But, Astor’s finest work in Dodsworth is saved for the film’s final moments. Edith, believing Sam is gone, leans against a wall—her face in close-up. Her expression speaks of pain, loss and the unbearable emptiness of returning to a life of “drifting.” Turning she walks a few steps to the porch looks out at the bay and suddenly sees Sam returning. Desolation transforms to overwhelming and indescribable joy and, on that note, the film ends. In this film Mary Astor is nothing less than superb giving what was, up to that time, the finest performance of her career. It would remain her favorite of all her film roles.

 

THE GREAT LIE (1941)

Astor completing her Columbia contract Astor free lanced. But, it wasn’t until 1941 that she again had a chance to display the full extent of her talent and Mary Astor would win an Oscar for it. “The Great Lie” is essentially a ‘woman’s picture’ but with something added; Bette Davis vs. Mary Astor. In the film, concert pianist Sondra Kovak (Mary Astor) and George Brent marry when both are drunk, the marriage is declared invalid, Brent marries Bette Davis and dies in a South American plane crash. Davis discovers Sondra is pregnant and agrees to pay her a sizable fortune if Sandra has the child in secret and allows Davis to say it’s hers. So, the two retreat to a remote cabin in the Nevada desert where the baby is born. Meanwhile, Brent is found alive and, although Sandra reveals the baby is hers, he remains with Davis and Sandra gives up any claim to the child.

Davis brought Astor into the project because Astor could play the piano and had proven that she could act the royal “bitch” two years earlier in “Midnight”. The only problem was the script. In Davis words it was “junk” so Davis and Astor rewrote it, beefing up Astor’s part and, by making it showier, intensified the rivalry between the two women. For example, the Nevada scenes were written almost entirely by the two women.

Consequently, Astor infused Sondra with many of her own personality traits and psychological issues. Like Sondra Astor presented herself to the world as a self-assured woman and like Sondra used work to cope with her personal demons. Astor would later write that she didn’t really need to act the part, just play it. In this respect, there is a very telling scene early in the film. Brent rejects Sondra. He leaves and Sondra walks to her Piano. In one quick angry movement, she flings off the piano’s cloth cover, lifts up the piano lid, sits at the keyboard and after yanking off her rings, drops them on the piano and begins to play. It is obvious that Sondra is using her music to cope with deep seated feelings of inadequacy much as (If you know her life story) Mary Astor used acting.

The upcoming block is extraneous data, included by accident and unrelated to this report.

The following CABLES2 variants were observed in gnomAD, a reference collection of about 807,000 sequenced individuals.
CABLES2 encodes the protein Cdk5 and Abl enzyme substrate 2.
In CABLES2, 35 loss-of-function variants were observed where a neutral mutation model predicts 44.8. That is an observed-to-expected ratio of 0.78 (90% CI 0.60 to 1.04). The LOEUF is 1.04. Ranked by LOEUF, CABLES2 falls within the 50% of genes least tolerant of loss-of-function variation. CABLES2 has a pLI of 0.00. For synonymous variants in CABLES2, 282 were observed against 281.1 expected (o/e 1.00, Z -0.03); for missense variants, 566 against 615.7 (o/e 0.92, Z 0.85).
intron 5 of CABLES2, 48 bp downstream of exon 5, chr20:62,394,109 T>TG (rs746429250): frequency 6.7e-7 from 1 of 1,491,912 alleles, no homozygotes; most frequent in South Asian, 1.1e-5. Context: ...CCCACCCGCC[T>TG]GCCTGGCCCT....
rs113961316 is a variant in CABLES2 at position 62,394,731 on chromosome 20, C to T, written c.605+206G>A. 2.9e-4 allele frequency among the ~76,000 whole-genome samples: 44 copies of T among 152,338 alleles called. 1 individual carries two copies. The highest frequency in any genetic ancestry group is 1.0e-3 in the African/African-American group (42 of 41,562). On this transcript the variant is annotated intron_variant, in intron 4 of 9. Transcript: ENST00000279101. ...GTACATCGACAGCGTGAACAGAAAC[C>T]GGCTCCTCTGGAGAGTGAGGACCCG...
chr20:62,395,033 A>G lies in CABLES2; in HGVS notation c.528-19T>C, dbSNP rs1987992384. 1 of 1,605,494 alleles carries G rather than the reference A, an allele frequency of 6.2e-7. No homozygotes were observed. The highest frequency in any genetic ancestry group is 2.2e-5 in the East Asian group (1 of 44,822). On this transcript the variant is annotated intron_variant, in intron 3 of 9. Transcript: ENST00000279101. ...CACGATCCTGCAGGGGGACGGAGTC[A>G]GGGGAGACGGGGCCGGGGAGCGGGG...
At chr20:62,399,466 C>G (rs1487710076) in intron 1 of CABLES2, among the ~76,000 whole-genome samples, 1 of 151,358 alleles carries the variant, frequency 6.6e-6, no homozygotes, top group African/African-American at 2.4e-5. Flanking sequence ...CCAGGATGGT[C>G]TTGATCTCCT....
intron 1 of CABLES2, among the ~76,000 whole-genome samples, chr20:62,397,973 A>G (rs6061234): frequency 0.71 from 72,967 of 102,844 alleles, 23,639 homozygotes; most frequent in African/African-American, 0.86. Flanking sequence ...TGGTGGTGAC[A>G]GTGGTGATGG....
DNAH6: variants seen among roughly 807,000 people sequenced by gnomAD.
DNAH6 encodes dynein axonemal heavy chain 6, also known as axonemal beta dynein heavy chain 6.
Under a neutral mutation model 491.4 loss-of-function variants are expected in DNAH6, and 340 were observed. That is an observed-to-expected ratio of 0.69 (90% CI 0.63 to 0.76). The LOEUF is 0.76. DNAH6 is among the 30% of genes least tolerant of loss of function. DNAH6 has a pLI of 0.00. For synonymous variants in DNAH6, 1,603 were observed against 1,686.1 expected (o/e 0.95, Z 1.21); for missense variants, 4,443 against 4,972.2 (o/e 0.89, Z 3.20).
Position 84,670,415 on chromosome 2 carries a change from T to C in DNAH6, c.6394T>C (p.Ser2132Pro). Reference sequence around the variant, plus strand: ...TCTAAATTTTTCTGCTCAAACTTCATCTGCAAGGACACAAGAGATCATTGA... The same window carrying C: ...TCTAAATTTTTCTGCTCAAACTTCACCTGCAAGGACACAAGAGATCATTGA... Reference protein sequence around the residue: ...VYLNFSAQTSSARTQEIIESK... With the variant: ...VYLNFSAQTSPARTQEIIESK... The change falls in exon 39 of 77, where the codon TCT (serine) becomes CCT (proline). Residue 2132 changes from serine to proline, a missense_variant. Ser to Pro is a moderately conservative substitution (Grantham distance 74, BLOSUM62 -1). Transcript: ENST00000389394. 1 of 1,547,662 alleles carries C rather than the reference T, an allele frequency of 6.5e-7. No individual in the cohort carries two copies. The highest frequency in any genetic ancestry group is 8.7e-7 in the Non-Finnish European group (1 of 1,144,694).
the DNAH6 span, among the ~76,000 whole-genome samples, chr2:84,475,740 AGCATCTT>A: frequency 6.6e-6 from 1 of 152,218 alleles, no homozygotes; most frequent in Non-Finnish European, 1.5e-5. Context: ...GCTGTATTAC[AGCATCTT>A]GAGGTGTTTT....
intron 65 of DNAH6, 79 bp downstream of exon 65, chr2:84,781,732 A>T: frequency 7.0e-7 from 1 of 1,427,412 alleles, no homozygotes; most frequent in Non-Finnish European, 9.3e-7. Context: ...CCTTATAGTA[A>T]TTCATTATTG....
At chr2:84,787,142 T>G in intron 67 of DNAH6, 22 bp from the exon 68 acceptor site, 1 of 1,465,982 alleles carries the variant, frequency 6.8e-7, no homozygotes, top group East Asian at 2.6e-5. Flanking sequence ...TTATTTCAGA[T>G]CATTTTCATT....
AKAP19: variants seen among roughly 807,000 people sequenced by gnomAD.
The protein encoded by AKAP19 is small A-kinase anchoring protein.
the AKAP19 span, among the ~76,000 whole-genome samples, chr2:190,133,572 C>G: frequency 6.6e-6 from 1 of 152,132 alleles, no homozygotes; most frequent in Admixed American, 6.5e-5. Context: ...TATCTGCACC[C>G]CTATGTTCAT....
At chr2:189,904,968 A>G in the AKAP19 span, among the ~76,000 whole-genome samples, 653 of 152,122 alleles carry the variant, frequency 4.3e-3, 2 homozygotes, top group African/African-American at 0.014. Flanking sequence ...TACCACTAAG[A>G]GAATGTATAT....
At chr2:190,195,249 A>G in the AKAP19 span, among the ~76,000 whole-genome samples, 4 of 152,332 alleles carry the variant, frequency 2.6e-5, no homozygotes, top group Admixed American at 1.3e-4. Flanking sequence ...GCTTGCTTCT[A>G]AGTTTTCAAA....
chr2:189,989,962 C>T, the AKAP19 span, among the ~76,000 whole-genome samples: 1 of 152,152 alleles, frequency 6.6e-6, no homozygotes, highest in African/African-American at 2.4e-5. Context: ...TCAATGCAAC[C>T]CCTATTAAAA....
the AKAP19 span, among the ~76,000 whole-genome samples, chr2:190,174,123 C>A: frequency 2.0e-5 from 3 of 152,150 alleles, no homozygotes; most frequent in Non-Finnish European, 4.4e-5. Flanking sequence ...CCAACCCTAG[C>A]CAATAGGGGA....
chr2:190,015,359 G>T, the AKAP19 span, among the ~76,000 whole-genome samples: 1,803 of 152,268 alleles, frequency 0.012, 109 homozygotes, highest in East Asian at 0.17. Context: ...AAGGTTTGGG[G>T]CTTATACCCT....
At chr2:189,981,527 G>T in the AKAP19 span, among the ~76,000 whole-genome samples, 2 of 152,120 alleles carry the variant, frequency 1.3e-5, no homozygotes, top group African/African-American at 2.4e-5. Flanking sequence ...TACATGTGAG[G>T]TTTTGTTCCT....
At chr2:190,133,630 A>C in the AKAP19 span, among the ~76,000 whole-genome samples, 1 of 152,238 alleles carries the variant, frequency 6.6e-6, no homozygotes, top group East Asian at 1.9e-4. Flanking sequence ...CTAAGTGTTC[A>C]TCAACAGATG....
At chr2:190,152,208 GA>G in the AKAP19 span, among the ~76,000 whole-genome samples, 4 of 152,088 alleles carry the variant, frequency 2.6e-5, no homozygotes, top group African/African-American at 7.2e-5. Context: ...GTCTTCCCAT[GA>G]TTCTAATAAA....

This is amplified in the Nevada sequences when, without her work to cope—

Sondra’s life now controlled by the Davis’ character—Astor brings Sondra’s inner workings to life with deft artistry. Even the casual viewer can now see that Sandra isn’t really strong but, instead, merely determined. In these scenes the chemistry between Astor and Davis is extraordinary. Astor wrote that the two characters, are like “a couple of cats who had to shield their claws for expediency.”

It is in the kitchen scene—Sondra is caught eating pickles—where Sondra is finally revealed for what she is, an emotional child. Initially shouting her protest at being told what to eat, Sondra suddenly breaks down in a flood of tears. From beginning to end Astor brings absolute authenticity to these emotions. Then, following a storm when the two are playing double solitaire, a frightened Sondra suddenly turns hysterical culminating in the famous slapping scene with Bette Davis.